Asian markets have fallen sharply overnight amid increasing fears of a damaging trade war between China and the US, the world’s largest two economies.
Japan’s Nikkei closed 4.5% lower while Hong Kong’s Hang Seng was down by 2.4%, South Korea’s Kospi lost 3.2%, and China’s Shanghai Composite dropped 3.4% in value – following steep declines on Wall Street earlier.
In London, the FTSE 100 fell 0.9% in early trading, having already lost 1.2% on Thursday to finish below the 7,000-mark for the first time since December 2016 – and move it officially into “correction” territory, more than 10% below its most recent peak.
Investors were spooked by Donald Trump’s confirmation of tariffs of up to $60bn on imports from China.
Beijing announced its own plans that could hit up to $3bn of US goods including fresh fruit, wine and nuts with levies.
It urged the US President to “pull back from the brink”, adding: “China doesn’t hope to be in a trade war, but is not afraid of engaging in one.”
Investors fear dire consequences for the global economy if trade barriers start going up. Smaller economies that supply the US and China would be likely to bear much of the pain.
Mr Trump launched his protectionist agenda earlier this month – levying 25% tariffs on steel and 10% on aluminium – in a move designed to save US jobs but which critics fear could backfire and the Bank of England on Thursday warned risked damaging global growth.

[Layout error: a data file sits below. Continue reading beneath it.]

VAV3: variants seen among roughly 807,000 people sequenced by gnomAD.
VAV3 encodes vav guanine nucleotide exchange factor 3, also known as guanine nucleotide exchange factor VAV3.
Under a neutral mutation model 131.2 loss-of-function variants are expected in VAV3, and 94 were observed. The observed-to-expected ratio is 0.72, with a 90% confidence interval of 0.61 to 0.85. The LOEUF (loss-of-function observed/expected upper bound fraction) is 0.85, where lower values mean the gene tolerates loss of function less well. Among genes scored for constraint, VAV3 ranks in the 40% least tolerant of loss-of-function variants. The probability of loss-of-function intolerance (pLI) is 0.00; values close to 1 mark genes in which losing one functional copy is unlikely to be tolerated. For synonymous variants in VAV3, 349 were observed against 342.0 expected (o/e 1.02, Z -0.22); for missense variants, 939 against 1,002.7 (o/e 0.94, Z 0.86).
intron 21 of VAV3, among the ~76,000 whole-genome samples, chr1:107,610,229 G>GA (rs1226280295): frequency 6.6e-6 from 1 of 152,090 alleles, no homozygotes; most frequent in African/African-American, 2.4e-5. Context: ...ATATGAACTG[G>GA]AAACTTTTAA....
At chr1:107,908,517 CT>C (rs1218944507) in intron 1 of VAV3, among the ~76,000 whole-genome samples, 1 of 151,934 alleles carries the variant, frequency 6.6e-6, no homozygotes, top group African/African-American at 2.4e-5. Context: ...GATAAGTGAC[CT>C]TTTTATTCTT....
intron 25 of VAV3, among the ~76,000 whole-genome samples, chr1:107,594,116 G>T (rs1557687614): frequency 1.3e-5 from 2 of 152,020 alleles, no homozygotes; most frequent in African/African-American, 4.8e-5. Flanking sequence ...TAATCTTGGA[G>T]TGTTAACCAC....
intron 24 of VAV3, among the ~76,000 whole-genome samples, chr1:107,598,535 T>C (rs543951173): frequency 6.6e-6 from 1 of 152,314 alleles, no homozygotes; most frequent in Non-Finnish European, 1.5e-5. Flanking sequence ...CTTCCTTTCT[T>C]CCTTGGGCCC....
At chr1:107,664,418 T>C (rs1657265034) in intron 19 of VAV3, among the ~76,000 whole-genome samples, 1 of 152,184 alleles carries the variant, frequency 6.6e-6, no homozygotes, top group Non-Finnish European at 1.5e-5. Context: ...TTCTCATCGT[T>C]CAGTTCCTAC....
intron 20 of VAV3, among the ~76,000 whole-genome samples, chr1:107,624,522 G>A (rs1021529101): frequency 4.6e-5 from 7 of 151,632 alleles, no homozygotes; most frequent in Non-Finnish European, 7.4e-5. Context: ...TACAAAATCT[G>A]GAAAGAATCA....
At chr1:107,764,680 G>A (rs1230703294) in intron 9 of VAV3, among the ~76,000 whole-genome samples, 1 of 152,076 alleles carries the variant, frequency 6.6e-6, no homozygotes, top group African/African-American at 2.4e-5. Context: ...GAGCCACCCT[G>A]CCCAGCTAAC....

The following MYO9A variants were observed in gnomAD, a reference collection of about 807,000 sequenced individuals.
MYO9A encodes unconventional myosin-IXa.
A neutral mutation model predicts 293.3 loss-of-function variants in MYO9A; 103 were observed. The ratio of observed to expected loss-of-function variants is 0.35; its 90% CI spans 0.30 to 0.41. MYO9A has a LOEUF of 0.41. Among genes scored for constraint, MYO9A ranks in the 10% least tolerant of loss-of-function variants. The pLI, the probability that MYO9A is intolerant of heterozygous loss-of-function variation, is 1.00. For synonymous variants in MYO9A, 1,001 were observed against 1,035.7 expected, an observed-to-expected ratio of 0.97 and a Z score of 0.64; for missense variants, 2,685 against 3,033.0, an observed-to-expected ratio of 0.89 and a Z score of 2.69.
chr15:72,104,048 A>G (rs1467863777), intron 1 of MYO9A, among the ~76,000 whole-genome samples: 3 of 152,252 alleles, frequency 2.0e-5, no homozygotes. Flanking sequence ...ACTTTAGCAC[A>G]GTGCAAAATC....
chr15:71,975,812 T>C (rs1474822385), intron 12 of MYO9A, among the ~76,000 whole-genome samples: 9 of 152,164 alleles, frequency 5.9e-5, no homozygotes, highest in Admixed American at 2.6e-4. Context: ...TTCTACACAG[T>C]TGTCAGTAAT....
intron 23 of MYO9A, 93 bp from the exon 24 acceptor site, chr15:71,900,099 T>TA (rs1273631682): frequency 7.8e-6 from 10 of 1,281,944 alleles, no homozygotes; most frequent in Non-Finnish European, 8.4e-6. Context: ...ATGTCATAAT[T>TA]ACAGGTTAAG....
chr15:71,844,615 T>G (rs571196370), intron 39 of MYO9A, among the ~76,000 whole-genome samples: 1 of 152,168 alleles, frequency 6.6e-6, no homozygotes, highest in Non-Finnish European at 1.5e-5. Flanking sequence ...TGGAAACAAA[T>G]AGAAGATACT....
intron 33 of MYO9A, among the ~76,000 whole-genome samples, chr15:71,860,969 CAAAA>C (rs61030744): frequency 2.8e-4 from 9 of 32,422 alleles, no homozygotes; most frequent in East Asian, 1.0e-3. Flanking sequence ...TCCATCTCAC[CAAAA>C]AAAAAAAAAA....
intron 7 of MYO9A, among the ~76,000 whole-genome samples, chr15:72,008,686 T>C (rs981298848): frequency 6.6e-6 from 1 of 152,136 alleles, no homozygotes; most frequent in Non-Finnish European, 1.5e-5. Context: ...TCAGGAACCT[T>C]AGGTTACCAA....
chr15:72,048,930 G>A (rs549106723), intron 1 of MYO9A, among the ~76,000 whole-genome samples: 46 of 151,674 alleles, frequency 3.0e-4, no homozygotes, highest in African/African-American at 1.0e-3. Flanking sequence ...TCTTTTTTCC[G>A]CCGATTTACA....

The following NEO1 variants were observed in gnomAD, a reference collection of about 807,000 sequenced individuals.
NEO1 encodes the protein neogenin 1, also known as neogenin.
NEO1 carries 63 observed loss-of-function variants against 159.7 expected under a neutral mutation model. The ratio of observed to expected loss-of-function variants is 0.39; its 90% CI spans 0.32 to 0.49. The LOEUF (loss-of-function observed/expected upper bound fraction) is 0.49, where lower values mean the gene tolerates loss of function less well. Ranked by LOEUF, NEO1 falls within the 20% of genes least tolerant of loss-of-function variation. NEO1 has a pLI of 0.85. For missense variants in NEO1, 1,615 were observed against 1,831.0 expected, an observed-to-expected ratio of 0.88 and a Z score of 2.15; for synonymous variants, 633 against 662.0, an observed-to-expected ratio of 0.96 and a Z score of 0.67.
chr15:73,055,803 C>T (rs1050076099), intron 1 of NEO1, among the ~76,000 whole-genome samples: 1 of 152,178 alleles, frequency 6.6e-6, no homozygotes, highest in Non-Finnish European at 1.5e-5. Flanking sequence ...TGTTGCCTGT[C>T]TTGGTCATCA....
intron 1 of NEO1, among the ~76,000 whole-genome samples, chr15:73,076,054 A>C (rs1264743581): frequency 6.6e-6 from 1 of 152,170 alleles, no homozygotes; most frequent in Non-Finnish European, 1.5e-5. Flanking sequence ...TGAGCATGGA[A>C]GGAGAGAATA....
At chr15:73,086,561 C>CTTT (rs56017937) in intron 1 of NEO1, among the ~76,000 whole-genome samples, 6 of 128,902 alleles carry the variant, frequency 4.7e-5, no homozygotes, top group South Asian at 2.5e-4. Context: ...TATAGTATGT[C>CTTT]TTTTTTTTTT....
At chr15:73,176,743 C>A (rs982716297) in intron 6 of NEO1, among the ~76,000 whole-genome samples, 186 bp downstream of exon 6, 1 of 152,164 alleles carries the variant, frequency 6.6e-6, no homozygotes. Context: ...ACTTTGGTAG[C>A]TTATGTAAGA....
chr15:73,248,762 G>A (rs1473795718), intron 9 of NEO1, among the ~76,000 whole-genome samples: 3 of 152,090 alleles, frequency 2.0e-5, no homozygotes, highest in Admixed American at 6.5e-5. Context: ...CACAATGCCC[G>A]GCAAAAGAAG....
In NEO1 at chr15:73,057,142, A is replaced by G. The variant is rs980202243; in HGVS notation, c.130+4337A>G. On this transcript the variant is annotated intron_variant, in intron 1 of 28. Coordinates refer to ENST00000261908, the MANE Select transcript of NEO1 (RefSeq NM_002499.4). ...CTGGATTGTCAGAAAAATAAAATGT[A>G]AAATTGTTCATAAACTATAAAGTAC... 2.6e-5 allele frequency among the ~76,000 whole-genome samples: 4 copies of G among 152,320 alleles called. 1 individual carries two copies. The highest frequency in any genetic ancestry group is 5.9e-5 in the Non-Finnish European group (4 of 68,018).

Europe and the UK are among key trading partners to America that are exempted for now as negotiations continue – with the exemptions due to be reviewed at the beginning of May.
But China was not spared, with the US President pointing to his country’s $504bn deficit with the country and confirming that there would be additional sanctions across a wide range of goods and services from software to fake Ralph Lauren polo shirts.
However, a presidential memorandum signed by Mr Trump said there would be a 30-day consultation period, effectively creating room for talks over his claims against China about intellectual property theft and technology transfers.
In the UK, there was a warning that despite being spared from the tariffs, the British steel industry could still suffer.
That is because millions of tonnes of cheap Chinese steel would still be on the market even if trade tariffs did make it unviable in the US.
From – SkyNews